The Wedding Singer
Originally written for The Occidental.
Are you a romantic at heart? Are you looking for a fun, funny movie to just veg out and watch? Do you long for the simplicity of the 80s? Have I got the film for you.
The Wedding Singer stars Adam Sandler and Drew Barrymore, and will please you if you answered “yes” to any of those questions. It’s not a perfect film — like much of Sandler’s work, it has moments that don’t quite click. Overall, though, it’s wonderful. It may be predictable, it may be sappy and romantic, it may be frighteningly 80s, but it made me smile, and for a brief two hours I was transported to a world where true love does exist, and nice guys can finish first.
The plot is appropriately simple and predictable (if you’re looking for an intellectual challenge, go see Sphere), but that’s half its charm. The setup is simple: Robby (Sandler) is a Nice Guy who works as a wedding singer (but has dreams of being a rock star) and is engaged to his high school sweetheart. Julia (Barrymore) is a waitress who has dreams of getting her fiance, Glenn (Matthew Glave) to set a date. Julia and Robby meet (appropriately enough) at a wedding they’re both working. When Robby’s intended leaves him standing at the altar, he’s heartbroken and refuses to have anything to do with weddings until Julia persuades him to help her plan her marriage to Glenn. Robby discovers that Glenn is in fact a womanizing bag of slime, and falls in love with Julia himself. Julia likewise falls for Robby, but (of course) neither of them figures it out right away. After the requisite near-declarations of love and misunderstandings, Julia hops a plane for a quickie wedding in Vegas — to Glenn. Will Robby find them in time? Will he persuade Julia to leave rich, handsome Glenn for the wedding singer? Do you have any doubt?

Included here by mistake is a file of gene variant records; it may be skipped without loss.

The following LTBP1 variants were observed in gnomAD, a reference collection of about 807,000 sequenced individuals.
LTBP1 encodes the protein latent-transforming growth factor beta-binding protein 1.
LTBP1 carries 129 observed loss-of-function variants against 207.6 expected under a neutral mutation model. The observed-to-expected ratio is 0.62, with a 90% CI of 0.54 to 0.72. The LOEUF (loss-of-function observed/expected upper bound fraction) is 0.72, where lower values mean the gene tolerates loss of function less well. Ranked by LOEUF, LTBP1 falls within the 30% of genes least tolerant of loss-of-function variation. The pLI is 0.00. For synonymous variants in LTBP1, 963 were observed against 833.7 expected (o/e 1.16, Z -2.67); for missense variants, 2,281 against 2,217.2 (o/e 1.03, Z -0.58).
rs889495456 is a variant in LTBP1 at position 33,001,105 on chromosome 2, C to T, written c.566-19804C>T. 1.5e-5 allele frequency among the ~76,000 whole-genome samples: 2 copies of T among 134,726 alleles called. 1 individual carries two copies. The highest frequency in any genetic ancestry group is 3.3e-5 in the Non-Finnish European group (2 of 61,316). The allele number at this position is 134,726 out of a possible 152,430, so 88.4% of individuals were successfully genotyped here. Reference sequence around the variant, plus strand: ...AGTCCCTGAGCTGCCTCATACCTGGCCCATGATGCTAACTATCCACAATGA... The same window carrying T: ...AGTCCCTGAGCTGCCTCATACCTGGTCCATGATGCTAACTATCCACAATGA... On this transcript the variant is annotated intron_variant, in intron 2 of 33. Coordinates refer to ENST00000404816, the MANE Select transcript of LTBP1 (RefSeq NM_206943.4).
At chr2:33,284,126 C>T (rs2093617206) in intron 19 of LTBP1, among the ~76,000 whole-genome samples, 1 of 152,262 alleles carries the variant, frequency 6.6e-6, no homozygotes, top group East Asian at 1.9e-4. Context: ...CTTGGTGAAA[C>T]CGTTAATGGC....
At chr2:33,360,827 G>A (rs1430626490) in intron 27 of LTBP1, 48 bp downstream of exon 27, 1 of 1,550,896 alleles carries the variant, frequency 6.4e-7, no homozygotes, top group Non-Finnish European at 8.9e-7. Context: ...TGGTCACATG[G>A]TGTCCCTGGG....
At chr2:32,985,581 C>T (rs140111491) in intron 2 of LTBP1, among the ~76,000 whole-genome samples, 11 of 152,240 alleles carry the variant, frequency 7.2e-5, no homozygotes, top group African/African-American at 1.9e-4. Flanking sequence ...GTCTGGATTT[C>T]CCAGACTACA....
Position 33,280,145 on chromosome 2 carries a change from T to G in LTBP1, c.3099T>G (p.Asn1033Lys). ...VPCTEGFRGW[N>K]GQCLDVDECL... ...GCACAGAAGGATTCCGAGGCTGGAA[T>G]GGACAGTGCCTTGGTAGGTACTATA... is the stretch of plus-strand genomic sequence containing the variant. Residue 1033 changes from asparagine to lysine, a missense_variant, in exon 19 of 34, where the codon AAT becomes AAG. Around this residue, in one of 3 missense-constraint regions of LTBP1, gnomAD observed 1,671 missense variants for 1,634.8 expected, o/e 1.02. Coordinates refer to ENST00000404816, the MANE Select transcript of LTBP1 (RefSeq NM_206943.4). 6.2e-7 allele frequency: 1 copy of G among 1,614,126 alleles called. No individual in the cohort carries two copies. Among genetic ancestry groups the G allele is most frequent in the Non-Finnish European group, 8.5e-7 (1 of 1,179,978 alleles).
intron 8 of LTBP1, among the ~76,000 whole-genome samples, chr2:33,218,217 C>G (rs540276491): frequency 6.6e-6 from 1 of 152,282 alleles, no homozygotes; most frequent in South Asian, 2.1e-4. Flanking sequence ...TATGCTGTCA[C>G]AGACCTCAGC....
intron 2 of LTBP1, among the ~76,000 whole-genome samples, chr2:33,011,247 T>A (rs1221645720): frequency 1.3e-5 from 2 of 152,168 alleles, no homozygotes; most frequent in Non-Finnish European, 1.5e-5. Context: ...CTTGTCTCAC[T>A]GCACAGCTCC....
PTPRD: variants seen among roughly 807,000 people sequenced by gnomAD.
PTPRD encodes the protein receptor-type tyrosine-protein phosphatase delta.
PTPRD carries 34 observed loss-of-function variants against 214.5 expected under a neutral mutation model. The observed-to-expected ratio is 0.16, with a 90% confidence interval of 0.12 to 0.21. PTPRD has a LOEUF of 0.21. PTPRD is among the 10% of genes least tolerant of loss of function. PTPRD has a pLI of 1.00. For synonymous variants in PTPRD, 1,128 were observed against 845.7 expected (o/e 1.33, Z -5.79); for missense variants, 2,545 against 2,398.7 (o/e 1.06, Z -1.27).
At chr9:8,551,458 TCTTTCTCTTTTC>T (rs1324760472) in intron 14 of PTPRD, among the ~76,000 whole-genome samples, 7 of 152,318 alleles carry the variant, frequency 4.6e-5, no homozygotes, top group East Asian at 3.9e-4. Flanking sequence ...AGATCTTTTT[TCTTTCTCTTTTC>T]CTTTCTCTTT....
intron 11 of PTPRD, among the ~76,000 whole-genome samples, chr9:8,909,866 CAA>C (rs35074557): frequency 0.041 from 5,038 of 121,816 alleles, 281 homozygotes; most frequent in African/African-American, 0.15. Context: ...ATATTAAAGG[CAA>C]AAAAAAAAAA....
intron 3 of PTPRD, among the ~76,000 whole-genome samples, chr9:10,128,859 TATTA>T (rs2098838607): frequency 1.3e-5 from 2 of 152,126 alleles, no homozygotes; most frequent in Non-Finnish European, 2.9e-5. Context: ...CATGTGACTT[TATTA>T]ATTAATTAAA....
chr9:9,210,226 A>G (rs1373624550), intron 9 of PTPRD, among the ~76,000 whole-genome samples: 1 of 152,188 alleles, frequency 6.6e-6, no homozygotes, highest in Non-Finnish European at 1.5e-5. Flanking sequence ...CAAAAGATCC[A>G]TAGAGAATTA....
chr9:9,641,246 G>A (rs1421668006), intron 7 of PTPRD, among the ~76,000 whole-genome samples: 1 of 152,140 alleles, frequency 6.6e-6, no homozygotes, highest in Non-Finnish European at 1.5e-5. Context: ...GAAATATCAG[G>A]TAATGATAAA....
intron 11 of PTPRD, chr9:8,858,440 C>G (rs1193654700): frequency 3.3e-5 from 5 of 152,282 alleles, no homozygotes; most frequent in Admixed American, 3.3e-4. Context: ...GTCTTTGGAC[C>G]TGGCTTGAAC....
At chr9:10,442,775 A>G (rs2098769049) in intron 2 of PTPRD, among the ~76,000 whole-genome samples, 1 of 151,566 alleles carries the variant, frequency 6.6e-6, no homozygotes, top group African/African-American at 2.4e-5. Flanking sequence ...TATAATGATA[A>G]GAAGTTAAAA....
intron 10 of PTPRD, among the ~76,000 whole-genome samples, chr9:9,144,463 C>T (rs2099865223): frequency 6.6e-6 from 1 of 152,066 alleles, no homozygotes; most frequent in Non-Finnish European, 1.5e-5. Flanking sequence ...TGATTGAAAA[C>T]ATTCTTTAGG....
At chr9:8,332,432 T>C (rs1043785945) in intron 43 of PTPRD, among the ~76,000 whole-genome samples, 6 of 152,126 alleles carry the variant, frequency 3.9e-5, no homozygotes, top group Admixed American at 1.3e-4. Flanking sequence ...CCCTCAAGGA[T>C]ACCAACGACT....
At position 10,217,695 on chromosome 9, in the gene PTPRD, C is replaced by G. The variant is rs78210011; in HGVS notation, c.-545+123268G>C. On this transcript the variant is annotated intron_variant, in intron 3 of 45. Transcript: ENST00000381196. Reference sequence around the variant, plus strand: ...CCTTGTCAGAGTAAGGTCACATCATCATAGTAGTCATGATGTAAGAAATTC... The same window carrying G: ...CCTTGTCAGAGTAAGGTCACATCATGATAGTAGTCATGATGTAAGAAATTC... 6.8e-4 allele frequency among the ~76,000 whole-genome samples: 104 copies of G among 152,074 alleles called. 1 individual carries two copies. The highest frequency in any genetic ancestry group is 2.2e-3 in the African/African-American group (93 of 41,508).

Besides the appealing plot and heroes, there are several wonderful cameos scattered through the film Steve Buscemi’s role is worth the price of admission — after appearing in the first sequence, he vanishes for the rest of the film, to reappear at the end — as a wedding singer himself (and yes, that is Steve Buscemi singing)! No Steve Buscemi fan should miss this. Billy Idol also appears as himself, helping Robby win Julia in the end.
The acting is quite good. Sandler’s performance is a trifle uneven, but more mature than his roles in films like Airheads and Happy Gilmore. He’s believably innocent and sweet, and even when he’s belting out a post-breakup heavy metal number (“Please Kill Me!”), he’s adorable. Barrymore’s performance is uniformly solid, and she manages to make Julia likable even though she can’t see through Glenn’s thin nice-guy mask. Glave himself is one of the many strong points of the film — Glenn is a slimebag, and Glave enjoys every minute of it.
The music is a medley of 80s tunes and original pieces by Sandler, and drew me back to grade school. Nostalgia is scary when you’re a college student, but this soundtrack will have you muttering about “the good old days” and telling younger siblings “when I was your age…” Sandler’s pieces are good, although he doesn’t let his singing voice really shine until the wonderful last number.
So, what’s the bottom line on The Wedding Singer? If you’re looking for an intellectual, surprising, original art film, go somewhere else. But if you’re looking for a sweet, upbeat comedy, it’s right up your alley.